1032 m. |
Translation: Long hill
Pronuncation: byn ata
17 June 2016 was the last but one day in the 2016 hiking season. We had packed all our stuff into the car and had quit our quiet cottage in Glen Roy not too early in the morning. The drive up to Glen Shiel and then to Loch Duich had been swift, pleasant and uneventful. There wasn’t too much activity at the Morvich outdoor centre and camping spot that Friday morning. We set out towards Strath Croe first walking on the road and then, after crossing the Abhainn Chohaig, along the signposted and well-maintained footpath. It was a warm day. Soon a thin film of sweat appeared on our faces and forearms. We passed the grassy area below the steep face of Beinn Bhuide and entered Gleann Choinneachain.
I had been there several times before and remembered that the very convenient and well-maintained path climbs steadily and very gradually into the beautiful glen. Some pools and small waterfalls seemed quite inviting — if difficult to reach — from the high path. When maybe six or seven kilometres had been covered we reached the spot where the path towards Beinn Fhada branches off. Thereabouts we dropped our rucksacks and continued towards Bealach an Sgairne since we wanted to climb A’Ghlas-bheinn first. On the next kilometre the path leading to the bealach winds its way through and over boulders in the ever-narrowing glen. Quite interesting.
From the bealach we could not see much in the direction of the Affric hills since some clouds blocked the view. A pity. But the close-up details of the craggy and steep north face of Meall a’Bhealaich compensated a bit for the lack of grand vistas towards the east.
The continuation of the remaining 350m climb to the summit of A’Ghlas-bheinn was entertaining. First the path climbs steeply through rocky terrain broken by grassy terraces. Once some further height is gained the path more or less sticks to the top of the grassy ridge which rises in several rocky steps followed by flatter sections towards the summit of the 918m Munro. There the views were not bad at all especially towards the north and west. We had a short break at the summit and sat down to eat an energy bar. But we did not linger for long.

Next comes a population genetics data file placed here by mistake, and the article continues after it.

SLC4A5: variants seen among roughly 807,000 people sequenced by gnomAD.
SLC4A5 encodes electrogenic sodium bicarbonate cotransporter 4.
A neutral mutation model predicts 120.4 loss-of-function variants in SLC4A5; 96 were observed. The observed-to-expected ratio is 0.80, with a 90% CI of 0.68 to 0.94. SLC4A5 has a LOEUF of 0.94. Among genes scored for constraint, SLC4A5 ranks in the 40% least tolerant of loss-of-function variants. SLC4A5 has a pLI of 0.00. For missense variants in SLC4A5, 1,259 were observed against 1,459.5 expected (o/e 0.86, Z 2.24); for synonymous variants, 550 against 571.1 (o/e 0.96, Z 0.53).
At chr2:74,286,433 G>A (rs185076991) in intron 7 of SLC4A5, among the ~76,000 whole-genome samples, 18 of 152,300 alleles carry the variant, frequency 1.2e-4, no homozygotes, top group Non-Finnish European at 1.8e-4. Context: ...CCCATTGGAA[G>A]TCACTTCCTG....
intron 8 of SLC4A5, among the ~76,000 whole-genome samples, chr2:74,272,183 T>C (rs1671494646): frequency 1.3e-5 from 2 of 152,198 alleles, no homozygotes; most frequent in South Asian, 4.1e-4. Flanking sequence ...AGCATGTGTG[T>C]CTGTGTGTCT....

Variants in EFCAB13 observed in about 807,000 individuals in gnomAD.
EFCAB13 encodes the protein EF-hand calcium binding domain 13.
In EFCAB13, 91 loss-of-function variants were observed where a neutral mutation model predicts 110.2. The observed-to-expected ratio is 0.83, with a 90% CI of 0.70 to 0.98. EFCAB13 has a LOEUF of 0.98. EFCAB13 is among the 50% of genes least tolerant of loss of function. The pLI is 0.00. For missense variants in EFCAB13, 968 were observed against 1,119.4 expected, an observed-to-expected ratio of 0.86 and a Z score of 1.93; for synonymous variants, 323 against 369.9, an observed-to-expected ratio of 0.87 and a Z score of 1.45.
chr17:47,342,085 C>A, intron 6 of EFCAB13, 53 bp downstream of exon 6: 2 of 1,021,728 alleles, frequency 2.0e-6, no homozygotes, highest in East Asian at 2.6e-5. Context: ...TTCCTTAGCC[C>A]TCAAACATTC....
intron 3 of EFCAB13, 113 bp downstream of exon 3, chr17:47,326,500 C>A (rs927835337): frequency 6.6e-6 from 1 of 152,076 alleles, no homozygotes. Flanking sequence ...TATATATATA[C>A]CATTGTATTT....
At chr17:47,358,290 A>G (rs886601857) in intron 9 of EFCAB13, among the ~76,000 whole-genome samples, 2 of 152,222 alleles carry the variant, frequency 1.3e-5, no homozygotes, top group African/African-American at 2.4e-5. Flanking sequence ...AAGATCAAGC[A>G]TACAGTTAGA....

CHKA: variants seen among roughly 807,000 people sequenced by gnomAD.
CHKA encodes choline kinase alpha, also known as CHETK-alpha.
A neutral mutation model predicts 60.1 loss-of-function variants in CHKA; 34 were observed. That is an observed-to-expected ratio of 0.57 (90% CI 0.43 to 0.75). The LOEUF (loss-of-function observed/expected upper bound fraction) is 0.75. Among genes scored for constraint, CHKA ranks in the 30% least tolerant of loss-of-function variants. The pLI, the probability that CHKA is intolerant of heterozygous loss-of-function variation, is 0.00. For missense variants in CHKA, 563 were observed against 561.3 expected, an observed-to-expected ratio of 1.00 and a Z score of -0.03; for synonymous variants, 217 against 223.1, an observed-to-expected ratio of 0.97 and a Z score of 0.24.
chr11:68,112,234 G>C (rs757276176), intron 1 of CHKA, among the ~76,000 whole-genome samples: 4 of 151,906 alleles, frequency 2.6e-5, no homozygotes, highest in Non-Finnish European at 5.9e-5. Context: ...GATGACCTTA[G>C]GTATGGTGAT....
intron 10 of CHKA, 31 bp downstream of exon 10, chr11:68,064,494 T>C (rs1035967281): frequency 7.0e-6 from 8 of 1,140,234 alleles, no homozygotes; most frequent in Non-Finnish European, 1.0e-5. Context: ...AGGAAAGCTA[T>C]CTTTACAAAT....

Having left our rucksacks behind we were obliged to retrace our steps and return to the Bealach an Sgairne. On this pleasantly easy return leg we met quite a few other walkers who had opted for A’Ghlas-bheinn as an easy option on a Friday afternoon. In no time we reached the bealach and returned to our rucksacks in Gleann Choinneachain. There we took a longer break and I decided to call it a day while Frank was obliged to continue towards the Plaide Mhor and the high summit of Bheinn Fhada. We split up our party of two.
I returned to Morvich in a leisurely fashion, drove to Ratagan, checked in at one of the best B&Bs cum restaurant in Scotland (Grants at Craigellachie), took a shower and returned to Morvich to pick up Frank.
Frank on the other hand continued towards Bheinn Fhada, bagged this great hill, returned to Gleann Choinneachain and met me at the end of the public road in Strath Croe. We congratulated ourselves on having bagged all mainland Munros we had had on our list in 2016 and drove off to Ratagan and a truly delicious meal.
A great day this was!
(And Blaven an even greater aim on the Isle of Skye would be our exploit the next day.)
Max elevation: 1032 m
Min elevation: 14 m
Total climbing: 1672 m
Total descent: -1672 m
Total time: 07:58:30
1998 Perfectly easy winter walk over frozen snow and ice. Impressing summit plateau of Beinn Fhada. Access from Morvich through Gleann Choineachain, Coire na Sgairne onto Plaide Mhor. Rescue helicopter circling overhead. Return by way of ascent.
Description Beinn Fhada is a mountain which is very well named, for it stretches for 10 kilometres from Strath Croe almost to Alltbeithe youth hostel in upper Glen Affric. Its south side drops very steeply and rockily along the entire length into Gleann Lichd, and there are no sensible routes on that side of the mountain. On the north side there are some magnificent corries and ridges, and unlike all its surrounding mountains in Kintail, Beinn Fhada has quite a large plateau sloping gradually westwards from the summit. 4 kilometres to the north of Beinn Fhada, and separated from it by the Bealach an Sgairne, A' Ghlas-bheinn is a small hill by comparison, steep and rocky on all sides and usually climbed with its bigger neighbour.The ascent starts from Morvich in Strath Croe. Follow the path round the western end of Beinn Fhada and up Gleann Choinneachain. A short distance after crossing the Allt Coire an Sgairne, follow a path on the right up this corrie and climb to the col on the ridge between Beinn Fhada and Meall a' Bhealaich. Turn south from the col and go up to the summit of Beinn Fhada. Return to the col and continue north to Meall a' Bhealaich. Avoid the crags on its north face by descending further east to reach the Bealach an Sgairne. Climb the rocky but perfectly easy south-east ridge of A' Ghlas-bheinn. Descend west-north-west down a broad ridge to reach the path at the forest edge. Cross the Abhainn Chonaig at Dorusduain to return to Morvich.